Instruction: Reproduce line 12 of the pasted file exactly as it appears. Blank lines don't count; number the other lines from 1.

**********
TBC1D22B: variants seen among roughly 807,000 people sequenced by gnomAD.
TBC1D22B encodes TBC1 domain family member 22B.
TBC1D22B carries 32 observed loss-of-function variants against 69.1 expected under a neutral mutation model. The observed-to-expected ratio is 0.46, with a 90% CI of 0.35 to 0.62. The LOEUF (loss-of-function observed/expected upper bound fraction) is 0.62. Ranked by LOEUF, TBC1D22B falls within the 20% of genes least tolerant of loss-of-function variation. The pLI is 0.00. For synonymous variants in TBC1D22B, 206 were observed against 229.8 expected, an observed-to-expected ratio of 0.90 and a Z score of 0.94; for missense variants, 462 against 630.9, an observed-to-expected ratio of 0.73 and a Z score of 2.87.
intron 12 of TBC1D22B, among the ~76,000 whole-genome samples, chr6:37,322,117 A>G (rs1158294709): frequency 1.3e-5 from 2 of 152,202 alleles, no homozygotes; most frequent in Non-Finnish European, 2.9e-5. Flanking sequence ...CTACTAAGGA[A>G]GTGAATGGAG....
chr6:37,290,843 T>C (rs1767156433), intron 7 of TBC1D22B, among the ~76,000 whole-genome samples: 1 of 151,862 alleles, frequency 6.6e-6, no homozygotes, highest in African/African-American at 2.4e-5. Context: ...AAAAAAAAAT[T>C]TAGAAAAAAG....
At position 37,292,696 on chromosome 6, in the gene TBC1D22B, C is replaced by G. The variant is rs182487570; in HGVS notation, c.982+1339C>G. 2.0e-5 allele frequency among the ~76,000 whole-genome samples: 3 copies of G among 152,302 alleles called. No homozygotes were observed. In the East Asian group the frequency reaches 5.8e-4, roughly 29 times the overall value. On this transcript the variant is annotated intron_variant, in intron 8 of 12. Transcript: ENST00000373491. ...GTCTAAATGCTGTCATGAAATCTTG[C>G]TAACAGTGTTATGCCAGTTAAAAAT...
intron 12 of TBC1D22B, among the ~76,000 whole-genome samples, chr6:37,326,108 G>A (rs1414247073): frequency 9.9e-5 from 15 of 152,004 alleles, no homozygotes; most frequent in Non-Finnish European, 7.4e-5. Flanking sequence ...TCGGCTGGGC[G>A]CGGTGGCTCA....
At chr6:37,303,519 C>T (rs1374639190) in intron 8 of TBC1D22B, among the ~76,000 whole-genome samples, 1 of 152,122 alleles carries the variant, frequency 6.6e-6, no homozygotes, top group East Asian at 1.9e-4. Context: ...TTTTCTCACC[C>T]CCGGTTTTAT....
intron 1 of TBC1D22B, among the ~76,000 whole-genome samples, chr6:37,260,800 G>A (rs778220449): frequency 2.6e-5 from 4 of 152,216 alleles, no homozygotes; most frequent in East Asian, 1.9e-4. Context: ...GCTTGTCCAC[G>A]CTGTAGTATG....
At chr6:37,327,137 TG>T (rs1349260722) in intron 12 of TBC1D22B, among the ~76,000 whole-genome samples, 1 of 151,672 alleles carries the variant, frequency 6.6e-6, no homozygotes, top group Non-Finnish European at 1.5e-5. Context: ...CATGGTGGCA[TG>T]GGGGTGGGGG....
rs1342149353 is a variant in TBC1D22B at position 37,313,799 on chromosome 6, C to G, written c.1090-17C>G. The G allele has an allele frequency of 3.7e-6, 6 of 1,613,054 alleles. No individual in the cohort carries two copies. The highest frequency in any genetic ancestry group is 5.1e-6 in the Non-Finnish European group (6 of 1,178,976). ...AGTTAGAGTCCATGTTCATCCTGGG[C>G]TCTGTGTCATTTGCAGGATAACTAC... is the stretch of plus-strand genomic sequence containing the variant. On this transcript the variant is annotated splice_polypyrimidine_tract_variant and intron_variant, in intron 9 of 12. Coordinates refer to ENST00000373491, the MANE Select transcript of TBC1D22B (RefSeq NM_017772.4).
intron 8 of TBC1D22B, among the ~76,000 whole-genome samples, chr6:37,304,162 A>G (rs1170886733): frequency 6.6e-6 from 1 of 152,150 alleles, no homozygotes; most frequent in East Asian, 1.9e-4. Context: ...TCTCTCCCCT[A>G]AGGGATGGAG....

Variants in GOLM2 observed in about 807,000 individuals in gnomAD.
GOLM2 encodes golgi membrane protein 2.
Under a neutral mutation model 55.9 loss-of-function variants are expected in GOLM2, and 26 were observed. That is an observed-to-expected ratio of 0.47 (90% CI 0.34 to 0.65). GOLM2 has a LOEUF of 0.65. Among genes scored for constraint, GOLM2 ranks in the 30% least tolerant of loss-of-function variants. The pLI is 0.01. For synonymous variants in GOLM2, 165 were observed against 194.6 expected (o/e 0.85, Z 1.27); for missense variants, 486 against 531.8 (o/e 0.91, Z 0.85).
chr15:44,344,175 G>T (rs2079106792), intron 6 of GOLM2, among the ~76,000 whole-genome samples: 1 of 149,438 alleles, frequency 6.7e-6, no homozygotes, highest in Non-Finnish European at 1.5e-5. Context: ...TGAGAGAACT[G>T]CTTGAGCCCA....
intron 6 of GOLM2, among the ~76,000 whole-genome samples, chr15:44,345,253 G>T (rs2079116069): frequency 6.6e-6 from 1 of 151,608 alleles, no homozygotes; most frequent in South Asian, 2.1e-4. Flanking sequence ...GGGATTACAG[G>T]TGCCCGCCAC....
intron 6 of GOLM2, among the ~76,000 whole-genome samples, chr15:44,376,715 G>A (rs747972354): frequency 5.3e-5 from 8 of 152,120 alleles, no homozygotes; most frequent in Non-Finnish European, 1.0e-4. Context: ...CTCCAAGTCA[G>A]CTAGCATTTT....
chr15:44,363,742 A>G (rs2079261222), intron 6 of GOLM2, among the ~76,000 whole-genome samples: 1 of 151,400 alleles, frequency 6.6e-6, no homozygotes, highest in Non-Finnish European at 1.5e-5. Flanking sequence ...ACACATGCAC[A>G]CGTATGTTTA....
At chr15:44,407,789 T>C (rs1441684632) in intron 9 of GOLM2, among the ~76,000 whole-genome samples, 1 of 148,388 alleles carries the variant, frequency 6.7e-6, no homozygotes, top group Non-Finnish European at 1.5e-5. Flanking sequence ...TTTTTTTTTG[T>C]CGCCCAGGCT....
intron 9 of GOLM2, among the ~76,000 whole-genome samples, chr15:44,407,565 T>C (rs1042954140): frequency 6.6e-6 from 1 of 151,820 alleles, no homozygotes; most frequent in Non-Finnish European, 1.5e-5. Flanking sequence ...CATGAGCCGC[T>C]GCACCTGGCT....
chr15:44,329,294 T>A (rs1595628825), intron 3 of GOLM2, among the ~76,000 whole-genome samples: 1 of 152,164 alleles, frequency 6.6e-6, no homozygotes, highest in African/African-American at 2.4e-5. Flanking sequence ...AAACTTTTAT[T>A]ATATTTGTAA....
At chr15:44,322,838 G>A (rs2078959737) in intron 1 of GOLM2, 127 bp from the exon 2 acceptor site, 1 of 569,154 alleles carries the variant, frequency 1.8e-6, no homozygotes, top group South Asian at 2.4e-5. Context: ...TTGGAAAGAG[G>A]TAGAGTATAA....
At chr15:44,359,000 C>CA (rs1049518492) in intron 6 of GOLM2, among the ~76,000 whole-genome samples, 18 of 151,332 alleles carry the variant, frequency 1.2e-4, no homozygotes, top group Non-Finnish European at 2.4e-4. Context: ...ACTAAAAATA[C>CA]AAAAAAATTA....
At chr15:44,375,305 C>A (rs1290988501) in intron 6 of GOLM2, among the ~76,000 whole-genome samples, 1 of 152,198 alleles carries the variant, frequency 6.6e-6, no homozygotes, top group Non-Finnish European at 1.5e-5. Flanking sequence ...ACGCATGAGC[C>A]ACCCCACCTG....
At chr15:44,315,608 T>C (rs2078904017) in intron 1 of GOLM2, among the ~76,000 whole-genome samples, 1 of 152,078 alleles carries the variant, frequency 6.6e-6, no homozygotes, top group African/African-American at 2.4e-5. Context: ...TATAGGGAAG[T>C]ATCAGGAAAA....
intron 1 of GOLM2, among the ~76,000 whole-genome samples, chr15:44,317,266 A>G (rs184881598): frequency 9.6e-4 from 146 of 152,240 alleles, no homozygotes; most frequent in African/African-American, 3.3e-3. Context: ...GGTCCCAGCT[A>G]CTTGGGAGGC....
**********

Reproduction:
intron 8 of TBC1D22B, among the ~76,000 whole-genome samples, chr6:37,304,162 A>G (rs1170886733): frequency 6.6e-6 from 1 of 152,150 alleles, no homozygotes; most frequent in East Asian, 1.9e-4. Context: ...TCTCTCCCCT[A>G]AGGGATGGAG....